|Place||Europe: Germany, Brandenburg, Doberitz|
|Physical description||Cardboard, Ink|
|Date made||c 1915-1918|
First World War, 1914-1918
Post Card : "Nothing Doing at Doberitz" : Second Corporal A B Mason, 14 Field Company Engineers, AIF
Postcard made from white card, showing a cupid in a red heart hung in front of a partially chequered cross. The heart has laurel leaves and cupid's wings either side. with a bow and quiver below. Written on the post card is the title of the poem 'NOTHING DOING AT DOBERITZ' and the poem 'I FOUND MY BUSINESS VERY SLOW, IN DOBERITZ. I CANNOT THINK WHAT MADE ME GO, TO DOBERITZ. I'M SATISFIED THE BOYS ARE TRUE, WITHOUT THE GIRLS THEY CANNOT WOO. SO COME TO KEEP MY EYE ON YOU. IN ENGLAND.'
The back of the card is printed in black ink : 'KRIEGSGEFANGENENSENDUNG' (prisoners of war mission). Hand written is the following description of the Doberitz "coat-of-arms": 'DESIGN BY PRISONER OF WAR AT DOBERITZ. SAME MAN DESIGNED COAT OF ARMS. THE CROSSED PICK AND SHOVEL MEANS THAT THE N.C.O.'S WERE BEING MADE TO WORK. THE BOWL WITH STEAM RISING FROM IT MEANS THAT ALL THE MEALS PRACTICALLY CONSISTED OF HOT WATER. THE 3 BULLETS REPRESENT 3 MEN WHO WERE SHOT INSIDE THE CAMP FOR TRIVIAL OFFENCES. (ONE FOR TRYING TO GET A SECOND ISSUE OF SOUP). THE MAN TIED TO STAKE SHOWS A FAVOURITE FORM OF PUNISHMENT BY THE GERMANS. THE MOTTO AT THE BOTTOM (ALWAYS MERRY AND BRIGHT) SEEMED TO BLIND THE GERMANS TO THE MEANING OF THE REST. AFTERWARDS WHEN THE GERMANS SAW A DESCRIPTION OF MEDALLION IN ENGLISH PAPERS, THEY SIEZED ALL THEY COULD FIND'.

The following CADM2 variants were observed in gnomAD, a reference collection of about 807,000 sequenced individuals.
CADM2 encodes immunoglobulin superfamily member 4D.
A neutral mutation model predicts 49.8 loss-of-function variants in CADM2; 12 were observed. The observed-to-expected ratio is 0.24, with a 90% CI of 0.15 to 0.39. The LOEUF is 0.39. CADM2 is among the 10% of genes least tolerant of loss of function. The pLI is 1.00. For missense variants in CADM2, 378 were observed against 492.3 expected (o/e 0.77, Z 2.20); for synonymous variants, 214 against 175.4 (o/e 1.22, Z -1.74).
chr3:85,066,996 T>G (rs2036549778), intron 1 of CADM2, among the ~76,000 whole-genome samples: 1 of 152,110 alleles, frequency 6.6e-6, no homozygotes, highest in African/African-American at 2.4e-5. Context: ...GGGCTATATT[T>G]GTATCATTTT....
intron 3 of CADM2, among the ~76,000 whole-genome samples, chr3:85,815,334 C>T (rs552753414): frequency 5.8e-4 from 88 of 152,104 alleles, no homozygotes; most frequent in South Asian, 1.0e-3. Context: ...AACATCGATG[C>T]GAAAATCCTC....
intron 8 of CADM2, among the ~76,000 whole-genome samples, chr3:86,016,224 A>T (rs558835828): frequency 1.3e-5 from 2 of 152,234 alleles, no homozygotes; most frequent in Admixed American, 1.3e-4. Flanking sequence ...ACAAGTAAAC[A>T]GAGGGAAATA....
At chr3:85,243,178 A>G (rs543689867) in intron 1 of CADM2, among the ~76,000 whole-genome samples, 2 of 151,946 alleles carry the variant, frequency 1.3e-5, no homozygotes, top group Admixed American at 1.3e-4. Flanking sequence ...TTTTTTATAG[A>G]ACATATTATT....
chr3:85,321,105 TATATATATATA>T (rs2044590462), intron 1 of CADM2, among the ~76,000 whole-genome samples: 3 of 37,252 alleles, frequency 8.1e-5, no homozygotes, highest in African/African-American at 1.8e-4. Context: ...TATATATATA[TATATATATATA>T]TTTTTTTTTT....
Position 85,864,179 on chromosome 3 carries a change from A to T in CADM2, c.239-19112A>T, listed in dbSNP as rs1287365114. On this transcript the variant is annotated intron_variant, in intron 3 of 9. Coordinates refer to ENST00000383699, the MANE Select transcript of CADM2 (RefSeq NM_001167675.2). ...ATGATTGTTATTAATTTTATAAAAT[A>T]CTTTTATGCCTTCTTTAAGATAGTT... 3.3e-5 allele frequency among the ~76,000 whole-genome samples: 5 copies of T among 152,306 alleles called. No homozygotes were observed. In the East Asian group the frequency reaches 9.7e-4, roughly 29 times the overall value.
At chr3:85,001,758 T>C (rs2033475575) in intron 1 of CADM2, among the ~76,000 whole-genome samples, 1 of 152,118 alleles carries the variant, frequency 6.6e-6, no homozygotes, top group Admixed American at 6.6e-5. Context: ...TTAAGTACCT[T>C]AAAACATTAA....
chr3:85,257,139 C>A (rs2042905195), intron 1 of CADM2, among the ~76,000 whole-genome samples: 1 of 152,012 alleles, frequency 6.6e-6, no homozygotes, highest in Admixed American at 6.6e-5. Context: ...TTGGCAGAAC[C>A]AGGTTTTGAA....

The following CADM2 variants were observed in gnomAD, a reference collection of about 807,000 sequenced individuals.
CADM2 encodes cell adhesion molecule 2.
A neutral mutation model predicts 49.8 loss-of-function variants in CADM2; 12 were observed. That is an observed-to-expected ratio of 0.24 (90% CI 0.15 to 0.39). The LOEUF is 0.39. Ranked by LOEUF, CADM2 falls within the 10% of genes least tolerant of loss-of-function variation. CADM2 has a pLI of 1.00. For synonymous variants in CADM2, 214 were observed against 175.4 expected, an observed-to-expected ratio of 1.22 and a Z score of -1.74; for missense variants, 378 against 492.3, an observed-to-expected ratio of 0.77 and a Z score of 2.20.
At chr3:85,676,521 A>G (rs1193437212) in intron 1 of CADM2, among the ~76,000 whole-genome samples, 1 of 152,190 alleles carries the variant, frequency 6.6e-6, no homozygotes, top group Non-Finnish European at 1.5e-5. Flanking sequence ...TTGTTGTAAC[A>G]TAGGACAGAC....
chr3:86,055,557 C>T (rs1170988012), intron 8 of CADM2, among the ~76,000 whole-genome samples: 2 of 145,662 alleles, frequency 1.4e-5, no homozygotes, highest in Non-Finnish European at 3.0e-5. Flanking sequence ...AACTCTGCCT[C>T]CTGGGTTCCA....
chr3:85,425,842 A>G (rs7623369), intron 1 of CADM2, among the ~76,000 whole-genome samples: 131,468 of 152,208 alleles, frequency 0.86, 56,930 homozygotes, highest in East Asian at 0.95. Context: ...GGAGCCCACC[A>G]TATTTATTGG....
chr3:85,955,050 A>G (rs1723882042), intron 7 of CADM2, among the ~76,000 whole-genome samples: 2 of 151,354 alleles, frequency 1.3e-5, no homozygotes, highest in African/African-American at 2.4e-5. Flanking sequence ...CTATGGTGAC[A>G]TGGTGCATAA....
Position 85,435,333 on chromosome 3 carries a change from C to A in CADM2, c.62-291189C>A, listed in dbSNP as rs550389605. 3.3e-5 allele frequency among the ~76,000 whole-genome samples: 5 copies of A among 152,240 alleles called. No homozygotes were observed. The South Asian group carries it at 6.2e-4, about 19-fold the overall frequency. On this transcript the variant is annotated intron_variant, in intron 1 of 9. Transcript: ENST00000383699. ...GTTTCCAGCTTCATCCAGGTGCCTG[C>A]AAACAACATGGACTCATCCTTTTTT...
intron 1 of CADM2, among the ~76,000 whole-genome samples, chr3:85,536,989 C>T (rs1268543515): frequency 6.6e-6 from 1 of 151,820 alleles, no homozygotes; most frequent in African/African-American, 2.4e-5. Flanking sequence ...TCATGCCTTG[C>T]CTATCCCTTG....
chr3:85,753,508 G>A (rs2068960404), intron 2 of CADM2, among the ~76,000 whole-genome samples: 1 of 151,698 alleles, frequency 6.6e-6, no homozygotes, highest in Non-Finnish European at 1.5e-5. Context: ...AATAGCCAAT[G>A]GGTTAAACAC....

Associated with the service of 5385 Second Corporal Arnold Blanston Mason, who was born in Taree, New South Wales on New Year's Day 1885. He was an engineer when he enlisted in the 7th Field Company Engineers on 29 October 1915. He embarked for Egypt aboard HMAT Berrima on 17 December as a member of the 2nd Reinforcements to the unit. Mason was taken on strength with the 14th Field Company Engineers at Tel-el-Kebir on 18 March 1916. He was promoted to Second Corporal (Lance Corporal) on the 3 April and embarked for the Western Front on 18 June.
On the night of 19 July Mason was ordered to advance with the 54th Battalion's third wave attack at Fromelles to attend to the blocking up of German communication trenches. However as soon as he reached the first line of trenches he sustained shrapnel wounds to his left cheek and between his eyes. After having a field dressing applied to his wounds he was unable to see and was put in a dugout with a number of other wounded men and told to remain there. At about 4am the next morning Mason and the other men were taken prisoner.
They were marched to Haubourdin where they spent the night and Mason's dressing was seen to. The next day the men travelled to Douai Hospital where Mason had a piece of shrapnel cut out of his top lip. He stayed there until 29 July when he was sent to Dulmen Prisoner of War Camp. There Mason's wound was dressed each day and he also had three small pieces of shrapnel taken out of his cheek. On 5 January 1917 he was sent to an exercise camp at Heesten Moor before being sent to Diepholz camp. On 12 November he was admitted to Soltau Hospital with neuralgia of the eyes. He stayed at the hospital until 5 January 1918 when he was moved back to Soltau camp to work in the camp's parcel office.
On 9 June Mason was transferred to Holland for exchange with German sick and wounded prisoners of war. He was repatriated to England and arrived in London on 20 November where he was granted one month's leave. He embarked for Australia aboard HMAT Ulysses on 18 January 1919 arriving in Melbourne on 4 March. Mason was discharged from the AIF in Sydney on 7 June medically unfit, his disability stated as a gunshot wound to the face.